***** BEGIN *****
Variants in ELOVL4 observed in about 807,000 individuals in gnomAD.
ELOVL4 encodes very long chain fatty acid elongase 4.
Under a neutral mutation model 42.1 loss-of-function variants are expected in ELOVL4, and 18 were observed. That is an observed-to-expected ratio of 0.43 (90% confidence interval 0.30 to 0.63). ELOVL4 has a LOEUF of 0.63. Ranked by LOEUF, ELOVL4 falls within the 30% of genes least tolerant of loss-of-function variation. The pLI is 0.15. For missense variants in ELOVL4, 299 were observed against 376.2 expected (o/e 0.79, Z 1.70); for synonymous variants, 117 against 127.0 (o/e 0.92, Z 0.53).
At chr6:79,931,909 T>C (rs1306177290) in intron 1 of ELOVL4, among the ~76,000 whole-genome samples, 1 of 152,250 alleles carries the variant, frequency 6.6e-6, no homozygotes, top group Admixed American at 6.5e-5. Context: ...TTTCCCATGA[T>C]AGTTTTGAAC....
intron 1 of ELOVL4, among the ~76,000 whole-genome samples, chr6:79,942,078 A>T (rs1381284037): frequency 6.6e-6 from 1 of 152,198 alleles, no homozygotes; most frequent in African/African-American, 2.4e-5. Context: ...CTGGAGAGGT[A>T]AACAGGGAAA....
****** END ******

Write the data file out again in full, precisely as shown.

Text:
Variants in ELOVL4 observed in about 807,000 individuals in gnomAD.
ELOVL4 encodes very long chain fatty acid elongase 4.
Under a neutral mutation model 42.1 loss-of-function variants are expected in ELOVL4, and 18 were observed. That is an observed-to-expected ratio of 0.43 (90% confidence interval 0.30 to 0.63). ELOVL4 has a LOEUF of 0.63. Ranked by LOEUF, ELOVL4 falls within the 30% of genes least tolerant of loss-of-function variation. The pLI is 0.15. For missense variants in ELOVL4, 299 were observed against 376.2 expected (o/e 0.79, Z 1.70); for synonymous variants, 117 against 127.0 (o/e 0.92, Z 0.53).
At chr6:79,931,909 T>C (rs1306177290) in intron 1 of ELOVL4, among the ~76,000 whole-genome samples, 1 of 152,250 alleles carries the variant, frequency 6.6e-6, no homozygotes, top group Admixed American at 6.5e-5. Context: ...TTTCCCATGA[T>C]AGTTTTGAAC....
intron 1 of ELOVL4, among the ~76,000 whole-genome samples, chr6:79,942,078 A>T (rs1381284037): frequency 6.6e-6 from 1 of 152,198 alleles, no homozygotes; most frequent in African/African-American, 2.4e-5. Context: ...CTGGAGAGGT[A>T]AACAGGGAAA....